I’ve always been drawn to reporting and journalism, and in particular journalism about Mexico and Latin America. I got involved in student papers and the like in high school and later I briefly worked as the Associate Editor of NACLA in the late 90s. But I also had a passion for moviemaking. I started working in film and television production early on as a PA (at about 18 or so) but I always felt like the commercial stuff wasn’t especially original. It wasn’t really until I saw Sherman’s March and Batalla de Chile (all in my very early 20s) that I realized documentary could be many things, deep-dive journalism, a kind of personal essay, or most excitingly a combination of the personal combined with the political — basically a conversation with the world involving, history, politics and people.

For the past 15 years I have made my life in documentary – in and around public television, and through two theatrical documentaries, (Reportero and Kingdom of Shadows). I have also made some pretty sensationalistic cable programming to pay my student loans. Thankfully, I can focus on my own filmmaking know.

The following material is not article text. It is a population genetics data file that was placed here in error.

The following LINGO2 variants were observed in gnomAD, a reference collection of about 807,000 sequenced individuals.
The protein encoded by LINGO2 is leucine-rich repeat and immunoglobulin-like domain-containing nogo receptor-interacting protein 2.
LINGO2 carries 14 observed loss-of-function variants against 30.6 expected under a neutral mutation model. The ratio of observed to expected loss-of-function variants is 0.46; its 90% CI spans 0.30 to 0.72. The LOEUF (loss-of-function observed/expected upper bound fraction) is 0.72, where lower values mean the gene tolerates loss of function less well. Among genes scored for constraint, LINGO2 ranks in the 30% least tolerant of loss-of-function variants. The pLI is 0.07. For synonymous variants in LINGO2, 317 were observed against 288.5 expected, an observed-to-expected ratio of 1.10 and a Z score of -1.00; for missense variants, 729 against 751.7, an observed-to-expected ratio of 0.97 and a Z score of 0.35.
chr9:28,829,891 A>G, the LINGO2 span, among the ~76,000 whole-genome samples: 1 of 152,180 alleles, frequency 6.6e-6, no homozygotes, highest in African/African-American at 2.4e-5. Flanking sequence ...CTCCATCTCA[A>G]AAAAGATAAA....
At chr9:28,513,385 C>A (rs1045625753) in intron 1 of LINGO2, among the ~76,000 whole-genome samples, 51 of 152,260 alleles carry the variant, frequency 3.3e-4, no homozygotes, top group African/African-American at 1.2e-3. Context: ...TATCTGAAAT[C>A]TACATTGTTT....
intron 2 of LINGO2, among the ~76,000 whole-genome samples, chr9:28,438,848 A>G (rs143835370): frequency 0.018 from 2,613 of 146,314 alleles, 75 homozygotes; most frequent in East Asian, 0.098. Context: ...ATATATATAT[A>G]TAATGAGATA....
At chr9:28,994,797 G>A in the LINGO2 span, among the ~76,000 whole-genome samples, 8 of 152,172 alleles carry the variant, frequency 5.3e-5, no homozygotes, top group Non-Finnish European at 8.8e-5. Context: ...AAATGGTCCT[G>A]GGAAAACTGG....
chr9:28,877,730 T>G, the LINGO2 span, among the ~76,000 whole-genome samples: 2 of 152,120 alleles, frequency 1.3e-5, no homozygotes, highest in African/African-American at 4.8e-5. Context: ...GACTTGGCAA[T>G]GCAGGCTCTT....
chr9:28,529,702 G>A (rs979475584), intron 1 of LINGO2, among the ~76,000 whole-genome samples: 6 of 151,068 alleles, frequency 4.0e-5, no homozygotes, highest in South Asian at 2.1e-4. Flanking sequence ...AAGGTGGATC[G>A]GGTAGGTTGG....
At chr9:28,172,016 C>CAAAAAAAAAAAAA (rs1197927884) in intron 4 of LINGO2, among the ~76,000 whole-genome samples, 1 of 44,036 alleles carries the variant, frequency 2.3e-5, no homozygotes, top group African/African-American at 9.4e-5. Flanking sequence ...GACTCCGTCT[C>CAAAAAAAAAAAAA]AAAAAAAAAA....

Right now, I would say that independent documentary is much more exciting creatively, much more original than the majority of independent fiction filmmaking in the U.S. (How many times can we see indie boy meets indie girl… but with a twist!) I do think, however, that independent film in Mexico and Latin America is another story – there is some really exciting work happening there. But I prefer documentary in all of its forms, I love the combination of rigor and improvisation that it requires. Like life, you can prepare all you want, and then something you have no control over happens.

How do you see the situation for Latino filmmakers in the U.S.?

“Right now, independent documentary is much more exciting creatively than fiction filmmaking in the U.S.”

I think there is an obvious poverty of representation when it comes to U.S. Latinos in media, film, television… Part of this certainly has to do with the fact that we are such a diverse ‘group’ (how to categorize? country of origin, phenotype, social class, language, etc..) But part of it clearly has to do with a blindness on the part of cultural gatekeepers who are ignorant of Latinos, often willfully so.